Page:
Coming back to the Full keel vs Fin topic, this another area where the specifics of the design come into play. A full keel would tend to have a comparatively large area which helps to increase dampening force thereby slowing roll rates, but full keels a shallower draft which works against creating as large a dampening moment. So depending on the design, a deep fin, although generating less sideforce, may in fact generate an equal or greater dampening force.

Jeff
Jeff, you are thinking way too simplistically. We had a short discussion earlier in this thread. A significant problem with the long keel is that the force generated by movement of the keel stops being a damping component, but instead changes the dynamic center.

So you cannot say that the damping increases as some power, because at some point it is no longer damping. In large waves, the long keel on a boat with large hull moment can actually cause the boat to heel more because the dynamic center may drop below the CG of the boat.

So invariably, the shallow long keel often provides the better damping for a heavy boat. When I create my thread this will become clear.

There is no boat with wide beam and long keel will result in a good rough water boat. This has been pounded into yacht designers since time begin. Unless you put a coresponding heavy ballast to counteract the hull moment. But then it simply changes the mass moment to hull moment ratio which is what I suggest using as a rough water indicator; for lack of a better term, Bryces rough water coefficient.

Bryce

Last edited by BryceGTX; 10-03-2012 at 11:20 PM.
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Re: Full or fin keel?

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Originally Posted by PCP View Post
I hope you start reading more recent books, you need it. XXI century sailboats boats have little in common with XIX century boats

Regards

Paulo
If that were true, perhaps you can provide a quote from a newer book refuting my statement. My newer books support my statement. However for those that want to understand the mechanics, it is much more clearly explained in the older books.

The other point I wish to pound into peoples minds is that everything we are discussing has been discussed for centries. Even moveable balllast (which current racers think is so cool except they uselessly place it on the keel) was used in every racing boat prior to 1850 when it was outlawed by racing rules.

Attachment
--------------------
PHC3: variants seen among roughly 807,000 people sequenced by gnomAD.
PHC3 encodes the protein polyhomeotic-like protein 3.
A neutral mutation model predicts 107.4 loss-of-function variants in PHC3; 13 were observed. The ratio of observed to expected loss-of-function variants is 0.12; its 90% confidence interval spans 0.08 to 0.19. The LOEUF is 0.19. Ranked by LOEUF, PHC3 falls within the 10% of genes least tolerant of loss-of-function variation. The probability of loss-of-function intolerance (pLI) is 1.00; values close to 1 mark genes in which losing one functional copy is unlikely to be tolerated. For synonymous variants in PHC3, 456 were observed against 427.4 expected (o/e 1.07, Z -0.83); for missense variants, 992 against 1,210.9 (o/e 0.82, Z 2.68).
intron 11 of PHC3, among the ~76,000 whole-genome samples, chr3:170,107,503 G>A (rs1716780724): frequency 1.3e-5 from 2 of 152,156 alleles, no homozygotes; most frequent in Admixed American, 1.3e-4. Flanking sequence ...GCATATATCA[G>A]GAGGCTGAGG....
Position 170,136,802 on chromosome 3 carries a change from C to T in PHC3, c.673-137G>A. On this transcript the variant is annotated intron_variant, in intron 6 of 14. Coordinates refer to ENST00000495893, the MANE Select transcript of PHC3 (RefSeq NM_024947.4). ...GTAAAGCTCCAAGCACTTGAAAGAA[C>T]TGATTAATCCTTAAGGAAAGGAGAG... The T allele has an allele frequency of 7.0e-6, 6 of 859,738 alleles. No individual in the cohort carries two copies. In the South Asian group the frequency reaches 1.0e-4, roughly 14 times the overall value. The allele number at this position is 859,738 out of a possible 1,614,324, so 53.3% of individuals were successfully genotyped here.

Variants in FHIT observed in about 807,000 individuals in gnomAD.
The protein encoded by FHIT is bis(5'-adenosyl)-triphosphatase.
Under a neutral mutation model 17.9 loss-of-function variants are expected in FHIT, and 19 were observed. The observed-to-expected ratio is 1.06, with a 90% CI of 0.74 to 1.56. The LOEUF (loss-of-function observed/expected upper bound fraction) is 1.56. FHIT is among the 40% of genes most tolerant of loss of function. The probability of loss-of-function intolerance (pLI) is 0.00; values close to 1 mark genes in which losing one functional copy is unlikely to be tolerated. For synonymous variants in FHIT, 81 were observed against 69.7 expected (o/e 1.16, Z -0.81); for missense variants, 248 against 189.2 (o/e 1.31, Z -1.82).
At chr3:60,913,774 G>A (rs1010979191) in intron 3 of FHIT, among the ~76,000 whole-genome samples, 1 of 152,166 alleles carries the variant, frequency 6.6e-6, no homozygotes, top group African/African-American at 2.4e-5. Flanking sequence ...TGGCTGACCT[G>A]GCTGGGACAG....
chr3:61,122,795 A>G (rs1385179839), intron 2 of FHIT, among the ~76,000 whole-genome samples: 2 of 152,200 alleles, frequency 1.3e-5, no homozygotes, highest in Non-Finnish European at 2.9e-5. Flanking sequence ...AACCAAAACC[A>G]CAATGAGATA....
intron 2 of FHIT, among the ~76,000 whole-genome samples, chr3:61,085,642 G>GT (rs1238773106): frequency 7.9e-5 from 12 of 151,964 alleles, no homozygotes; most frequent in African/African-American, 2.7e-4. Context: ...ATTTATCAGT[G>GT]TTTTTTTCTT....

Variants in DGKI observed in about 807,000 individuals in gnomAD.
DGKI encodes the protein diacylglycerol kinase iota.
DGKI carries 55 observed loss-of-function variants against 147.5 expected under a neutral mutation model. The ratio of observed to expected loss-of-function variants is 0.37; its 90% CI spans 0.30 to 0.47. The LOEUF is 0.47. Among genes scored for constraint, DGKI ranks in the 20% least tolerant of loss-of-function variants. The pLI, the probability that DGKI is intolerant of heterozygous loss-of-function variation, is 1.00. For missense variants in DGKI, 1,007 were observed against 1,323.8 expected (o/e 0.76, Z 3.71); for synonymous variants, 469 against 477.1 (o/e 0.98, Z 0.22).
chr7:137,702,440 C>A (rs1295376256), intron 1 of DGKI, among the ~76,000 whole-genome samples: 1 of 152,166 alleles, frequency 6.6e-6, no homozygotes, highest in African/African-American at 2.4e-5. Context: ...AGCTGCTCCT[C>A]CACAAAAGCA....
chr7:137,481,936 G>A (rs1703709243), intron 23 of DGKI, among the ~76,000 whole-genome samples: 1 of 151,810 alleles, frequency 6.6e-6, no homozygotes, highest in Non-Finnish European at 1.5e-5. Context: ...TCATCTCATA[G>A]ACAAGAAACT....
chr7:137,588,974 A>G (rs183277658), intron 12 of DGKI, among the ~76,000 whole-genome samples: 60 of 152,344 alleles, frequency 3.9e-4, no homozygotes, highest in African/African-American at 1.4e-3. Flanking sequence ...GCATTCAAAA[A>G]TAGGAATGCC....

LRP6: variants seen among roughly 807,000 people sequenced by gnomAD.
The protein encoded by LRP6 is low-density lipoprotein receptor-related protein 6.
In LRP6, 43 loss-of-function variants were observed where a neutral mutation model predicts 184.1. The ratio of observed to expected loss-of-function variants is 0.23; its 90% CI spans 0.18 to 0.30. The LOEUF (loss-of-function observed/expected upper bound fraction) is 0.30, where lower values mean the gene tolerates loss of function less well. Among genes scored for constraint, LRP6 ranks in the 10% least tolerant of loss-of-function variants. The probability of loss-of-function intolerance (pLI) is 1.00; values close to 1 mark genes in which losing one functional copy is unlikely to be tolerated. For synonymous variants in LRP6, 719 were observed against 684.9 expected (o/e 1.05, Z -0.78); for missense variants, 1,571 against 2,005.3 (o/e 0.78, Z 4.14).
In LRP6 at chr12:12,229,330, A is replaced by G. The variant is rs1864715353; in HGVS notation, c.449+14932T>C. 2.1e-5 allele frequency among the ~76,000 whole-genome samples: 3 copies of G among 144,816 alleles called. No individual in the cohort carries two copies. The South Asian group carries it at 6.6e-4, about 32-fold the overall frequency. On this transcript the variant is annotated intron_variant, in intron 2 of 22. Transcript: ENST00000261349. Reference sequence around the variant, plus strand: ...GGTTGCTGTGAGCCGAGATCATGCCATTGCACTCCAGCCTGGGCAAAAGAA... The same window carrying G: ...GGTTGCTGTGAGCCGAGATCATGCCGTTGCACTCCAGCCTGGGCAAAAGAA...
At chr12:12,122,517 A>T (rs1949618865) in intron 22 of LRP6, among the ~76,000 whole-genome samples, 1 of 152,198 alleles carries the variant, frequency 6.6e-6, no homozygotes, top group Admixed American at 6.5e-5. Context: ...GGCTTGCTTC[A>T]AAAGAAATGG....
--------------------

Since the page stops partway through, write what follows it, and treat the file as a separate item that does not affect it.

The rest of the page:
Bryce

Last edited by BryceGTX; 10-03-2012 at 09:09 PM.
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Re: Full or fin keel?

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Originally Posted by BryceGTX View Post
If that were true, perhaps you can provide a quote from a newer book refuting my statement. My newer books support my statement. However for those that want to understand the mechanics, it is much more clearly explained in the older books.

The other point I wish to pound into peoples minds is that everything we are discussing has been discussed for centries. Even moveable balllast (which current racers think is so cool except they uselessly place it on the keel) was used in every racing boat prior to 1850 when it was outlawed by racing rules.

Bryce
Like in other subjects your opinions are so twisted that I refuse to discuss them with you and I wonder how many people really believe you know what you are talking about.

It is common knowledge that a stiff boat is safer in bad weather and this is not only a subject NA knows about, any good sailor with experience with stiff and tender boats in bad weather will know that.

A sailboat is not a motorboat that bobs around in waves and in bad weather will be strongly “tied” to a side by the force of wind on its sails. A stiffer boat will have more stability and a superior RM than a tender boat, can carry more sail in bad weather and will be “tied” much strongly to one side than a tender boat that will tend to bob around with the waves.

You don’t need a book to know this; you have only to experience it.

Regards

Paulo